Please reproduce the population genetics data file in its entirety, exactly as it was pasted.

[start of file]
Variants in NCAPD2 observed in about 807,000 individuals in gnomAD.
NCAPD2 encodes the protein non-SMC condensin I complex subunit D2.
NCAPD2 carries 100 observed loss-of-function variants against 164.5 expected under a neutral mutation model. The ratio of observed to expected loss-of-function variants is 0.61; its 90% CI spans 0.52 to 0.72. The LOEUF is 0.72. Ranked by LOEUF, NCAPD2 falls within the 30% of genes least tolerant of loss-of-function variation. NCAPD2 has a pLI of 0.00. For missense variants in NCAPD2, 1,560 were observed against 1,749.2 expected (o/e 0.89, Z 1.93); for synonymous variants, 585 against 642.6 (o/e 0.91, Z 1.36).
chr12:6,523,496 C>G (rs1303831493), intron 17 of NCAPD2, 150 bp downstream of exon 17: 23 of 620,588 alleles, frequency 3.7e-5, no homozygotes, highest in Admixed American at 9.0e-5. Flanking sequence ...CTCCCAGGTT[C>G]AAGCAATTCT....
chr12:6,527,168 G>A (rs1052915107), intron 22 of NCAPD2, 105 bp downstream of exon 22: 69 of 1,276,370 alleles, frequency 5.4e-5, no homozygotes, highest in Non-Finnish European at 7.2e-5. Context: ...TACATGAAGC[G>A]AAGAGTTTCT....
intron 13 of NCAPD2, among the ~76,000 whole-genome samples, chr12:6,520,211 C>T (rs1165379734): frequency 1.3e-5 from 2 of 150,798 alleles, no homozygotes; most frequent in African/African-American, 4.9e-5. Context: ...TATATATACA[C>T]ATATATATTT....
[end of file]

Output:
Variants in NCAPD2 observed in about 807,000 individuals in gnomAD.
NCAPD2 encodes the protein non-SMC condensin I complex subunit D2.
NCAPD2 carries 100 observed loss-of-function variants against 164.5 expected under a neutral mutation model. The ratio of observed to expected loss-of-function variants is 0.61; its 90% CI spans 0.52 to 0.72. The LOEUF is 0.72. Ranked by LOEUF, NCAPD2 falls within the 30% of genes least tolerant of loss-of-function variation. NCAPD2 has a pLI of 0.00. For missense variants in NCAPD2, 1,560 were observed against 1,749.2 expected (o/e 0.89, Z 1.93); for synonymous variants, 585 against 642.6 (o/e 0.91, Z 1.36).
chr12:6,523,496 C>G (rs1303831493), intron 17 of NCAPD2, 150 bp downstream of exon 17: 23 of 620,588 alleles, frequency 3.7e-5, no homozygotes, highest in Admixed American at 9.0e-5. Flanking sequence ...CTCCCAGGTT[C>G]AAGCAATTCT....
chr12:6,527,168 G>A (rs1052915107), intron 22 of NCAPD2, 105 bp downstream of exon 22: 69 of 1,276,370 alleles, frequency 5.4e-5, no homozygotes, highest in Non-Finnish European at 7.2e-5. Context: ...TACATGAAGC[G>A]AAGAGTTTCT....
intron 13 of NCAPD2, among the ~76,000 whole-genome samples, chr12:6,520,211 C>T (rs1165379734): frequency 1.3e-5 from 2 of 150,798 alleles, no homozygotes; most frequent in African/African-American, 4.9e-5. Context: ...TATATATACA[C>T]ATATATATTT....